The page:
So, How Should Courts Determine What’s “Transformative”?
In its opening brief to the Supreme Court, AWF argued that a work should be considered “transformative,” and therefore satisfy the first fair use factor, if it “adds something new, with a further purpose or different character, altering the first work with new expression, meaning, or message.” Opening Brief at 2 (quoting Campbell, 510 U.S. at 579 ). AWF accused the Second Circuit of sharply breaking with Supreme Court precedent on this issue by rejecting a “transformativeness test” that considers the meaning or message of an artistic work as part of the fair use analysis—and instead “mandat[ing] an inquiry focused on the degree of visual similarity between the two works.” Id. at 2.
According to Goldsmith, however, the “transformative” inquiry does not stop at whether the work adds new meaning or message to the original. Instead, she argued that courts must also consider whether “copying is necessary to accomplish some distinct end, such that the new use stands on its own without substituting for the original.” Respondent’s Brief at 2. The problem with AWF’s test, she argued, is that it “would transform copyright law into all copying, no right.” Id. at 3.
During oral argument, the Supreme Court Justices appeared concerned by the rule AWF was proposing. For example, Justice Kagan noted that Hollywood typically pays authors to create movies based on their books, and that those movies typically add “new meaning and message.” “So why is it that we . . . can’t imagine that Hollywood could just take a book and make a movie out of it without paying” under the guise of fair use, she asked. Justice Alito also wondered how courts are to determine the purpose of meaning of works of art when critics and experts can differ dramatically over their meaning or message.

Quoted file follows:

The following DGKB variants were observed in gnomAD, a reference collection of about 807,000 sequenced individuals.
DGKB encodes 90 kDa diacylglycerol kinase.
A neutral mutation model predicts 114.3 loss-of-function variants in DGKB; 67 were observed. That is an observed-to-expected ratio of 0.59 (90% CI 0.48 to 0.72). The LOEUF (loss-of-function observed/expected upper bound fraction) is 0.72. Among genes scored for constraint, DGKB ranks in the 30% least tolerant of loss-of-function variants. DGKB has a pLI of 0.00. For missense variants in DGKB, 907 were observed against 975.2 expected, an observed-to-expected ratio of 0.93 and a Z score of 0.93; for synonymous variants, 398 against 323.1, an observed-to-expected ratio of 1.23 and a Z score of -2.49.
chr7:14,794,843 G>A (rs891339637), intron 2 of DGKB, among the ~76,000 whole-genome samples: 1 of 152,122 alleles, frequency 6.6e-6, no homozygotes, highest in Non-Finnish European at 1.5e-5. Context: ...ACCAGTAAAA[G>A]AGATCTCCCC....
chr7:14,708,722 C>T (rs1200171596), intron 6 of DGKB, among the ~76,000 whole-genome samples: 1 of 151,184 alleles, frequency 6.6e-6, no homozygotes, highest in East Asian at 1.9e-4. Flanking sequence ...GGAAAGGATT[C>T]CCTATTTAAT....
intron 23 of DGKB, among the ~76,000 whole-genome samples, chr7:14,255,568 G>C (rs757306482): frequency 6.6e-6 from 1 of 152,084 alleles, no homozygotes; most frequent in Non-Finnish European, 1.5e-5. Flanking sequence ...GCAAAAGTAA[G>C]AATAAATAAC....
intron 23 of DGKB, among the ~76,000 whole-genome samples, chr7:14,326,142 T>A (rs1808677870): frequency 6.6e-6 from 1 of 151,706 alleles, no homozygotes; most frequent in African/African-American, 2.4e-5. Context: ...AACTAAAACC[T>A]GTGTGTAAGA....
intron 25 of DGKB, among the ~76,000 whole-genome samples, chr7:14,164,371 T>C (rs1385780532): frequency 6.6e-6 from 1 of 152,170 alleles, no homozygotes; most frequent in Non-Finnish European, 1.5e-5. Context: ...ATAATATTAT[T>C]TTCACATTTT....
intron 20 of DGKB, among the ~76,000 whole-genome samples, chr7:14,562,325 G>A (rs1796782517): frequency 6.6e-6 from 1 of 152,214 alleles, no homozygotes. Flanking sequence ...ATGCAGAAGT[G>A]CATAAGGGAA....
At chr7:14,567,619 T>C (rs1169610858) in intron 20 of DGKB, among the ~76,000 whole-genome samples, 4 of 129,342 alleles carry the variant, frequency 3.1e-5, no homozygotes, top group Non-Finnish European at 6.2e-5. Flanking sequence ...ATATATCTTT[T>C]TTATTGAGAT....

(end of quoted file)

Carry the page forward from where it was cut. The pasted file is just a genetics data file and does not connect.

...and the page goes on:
Goldsmith’s lawyers also saw the spirit of the late Andy Warhol being used against her, with Justice Kagan recalling that the Supreme Court’s decision in Google LLC v. Oracle Am., Inc., 141 S. Ct. 1183 (2021) “uses Warhol as an example of how somebody can take an original work and make it be something entirely different and that that’s exactly what the fair use doctrine wants to protect.” Justice Roberts also noted that the Prince Series not only has a different style, but a different purpose than the Goldsmith Photograph, which would appear to constitute fair use.
What To Look Out For
Legal commentators appear to agree that AWF received tougher questioning than Goldsmith, but—as with any case—it is impossible to know definitively how that questioning will guide the Supreme Court’s ultimate decision and reasoning.
What we do know is that the case will have broad implications for content creators regardless of its outcome. If AWF’s “meaning and message test” is adopted, the burden of establishing fair use may become easier, which means original authors may lose lucrative licensing deals. On the other hand, if Goldsmith’s test is adopted, authors of derivative works will need to pay close attention to whether the “copying is necessary to accomplish some distinct end, such that the new use stands on its own without substituting for the original.” Such a ruling would put some power back in the hands of original authors, who could more easily challenge derivative works and will cause a shift in the way that such works are licensed. It is also possible the Supreme Court develops its own rule synthesizing the parties’ proposals.
Although fair use is a fact-intensive inquiry that is often not amenable to bright-line analyses, it is expected that this upcoming Supreme Court decision will provide actionable guidance for content creators so that they can further the public’s interest in “the creation and publication of free expression” with ease.
Watch out for updates on the Supreme Court’s decision in this case, which will be posted on the KF&C California Law Blog.
If you have questions or comments on the content of this post, please email Kevin Cammiso at [email protected] or Kevin Kroll at [email protected].Back to KF&C Law Blog